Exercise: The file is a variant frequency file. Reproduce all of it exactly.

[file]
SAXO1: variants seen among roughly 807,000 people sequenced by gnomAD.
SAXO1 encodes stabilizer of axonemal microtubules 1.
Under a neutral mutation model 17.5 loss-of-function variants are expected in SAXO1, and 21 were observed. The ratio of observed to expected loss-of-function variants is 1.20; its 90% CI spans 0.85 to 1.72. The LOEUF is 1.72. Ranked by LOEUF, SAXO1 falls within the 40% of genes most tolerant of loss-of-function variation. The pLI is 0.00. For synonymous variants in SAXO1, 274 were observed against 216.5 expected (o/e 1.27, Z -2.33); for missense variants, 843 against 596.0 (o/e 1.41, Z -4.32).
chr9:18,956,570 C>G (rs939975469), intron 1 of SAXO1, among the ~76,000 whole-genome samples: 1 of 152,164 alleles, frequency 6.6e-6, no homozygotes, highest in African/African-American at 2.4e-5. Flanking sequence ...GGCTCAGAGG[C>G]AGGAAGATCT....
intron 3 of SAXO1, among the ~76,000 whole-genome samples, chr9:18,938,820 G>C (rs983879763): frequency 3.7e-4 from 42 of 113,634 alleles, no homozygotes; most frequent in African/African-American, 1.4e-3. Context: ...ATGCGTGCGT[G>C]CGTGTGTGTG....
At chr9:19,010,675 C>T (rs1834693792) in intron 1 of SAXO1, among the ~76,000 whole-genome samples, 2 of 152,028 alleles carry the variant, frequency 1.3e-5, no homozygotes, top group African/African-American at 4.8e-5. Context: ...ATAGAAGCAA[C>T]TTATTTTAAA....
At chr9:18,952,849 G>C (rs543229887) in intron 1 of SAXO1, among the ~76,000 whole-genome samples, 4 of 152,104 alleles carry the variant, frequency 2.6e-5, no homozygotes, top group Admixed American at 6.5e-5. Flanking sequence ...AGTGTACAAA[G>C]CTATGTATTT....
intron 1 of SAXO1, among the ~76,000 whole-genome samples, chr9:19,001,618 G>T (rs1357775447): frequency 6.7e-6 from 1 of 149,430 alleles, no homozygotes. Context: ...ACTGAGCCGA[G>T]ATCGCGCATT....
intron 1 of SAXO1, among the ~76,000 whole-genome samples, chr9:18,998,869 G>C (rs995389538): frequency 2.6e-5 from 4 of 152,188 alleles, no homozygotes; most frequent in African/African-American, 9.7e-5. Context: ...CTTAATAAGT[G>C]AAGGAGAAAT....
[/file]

SAXO1: variants seen among roughly 807,000 people sequenced by gnomAD.
SAXO1 encodes stabilizer of axonemal microtubules 1.
Under a neutral mutation model 17.5 loss-of-function variants are expected in SAXO1, and 21 were observed. The ratio of observed to expected loss-of-function variants is 1.20; its 90% CI spans 0.85 to 1.72. The LOEUF is 1.72. Ranked by LOEUF, SAXO1 falls within the 40% of genes most tolerant of loss-of-function variation. The pLI is 0.00. For synonymous variants in SAXO1, 274 were observed against 216.5 expected (o/e 1.27, Z -2.33); for missense variants, 843 against 596.0 (o/e 1.41, Z -4.32).
chr9:18,956,570 C>G (rs939975469), intron 1 of SAXO1, among the ~76,000 whole-genome samples: 1 of 152,164 alleles, frequency 6.6e-6, no homozygotes, highest in African/African-American at 2.4e-5. Flanking sequence ...GGCTCAGAGG[C>G]AGGAAGATCT....
intron 3 of SAXO1, among the ~76,000 whole-genome samples, chr9:18,938,820 G>C (rs983879763): frequency 3.7e-4 from 42 of 113,634 alleles, no homozygotes; most frequent in African/African-American, 1.4e-3. Context: ...ATGCGTGCGT[G>C]CGTGTGTGTG....
At chr9:19,010,675 C>T (rs1834693792) in intron 1 of SAXO1, among the ~76,000 whole-genome samples, 2 of 152,028 alleles carry the variant, frequency 1.3e-5, no homozygotes, top group African/African-American at 4.8e-5. Context: ...ATAGAAGCAA[C>T]TTATTTTAAA....
At chr9:18,952,849 G>C (rs543229887) in intron 1 of SAXO1, among the ~76,000 whole-genome samples, 4 of 152,104 alleles carry the variant, frequency 2.6e-5, no homozygotes, top group Admixed American at 6.5e-5. Flanking sequence ...AGTGTACAAA[G>C]CTATGTATTT....
intron 1 of SAXO1, among the ~76,000 whole-genome samples, chr9:19,001,618 G>T (rs1357775447): frequency 6.7e-6 from 1 of 149,430 alleles, no homozygotes. Context: ...ACTGAGCCGA[G>T]ATCGCGCATT....
intron 1 of SAXO1, among the ~76,000 whole-genome samples, chr9:18,998,869 G>C (rs995389538): frequency 2.6e-5 from 4 of 152,188 alleles, no homozygotes; most frequent in African/African-American, 9.7e-5. Context: ...CTTAATAAGT[G>C]AAGGAGAAAT....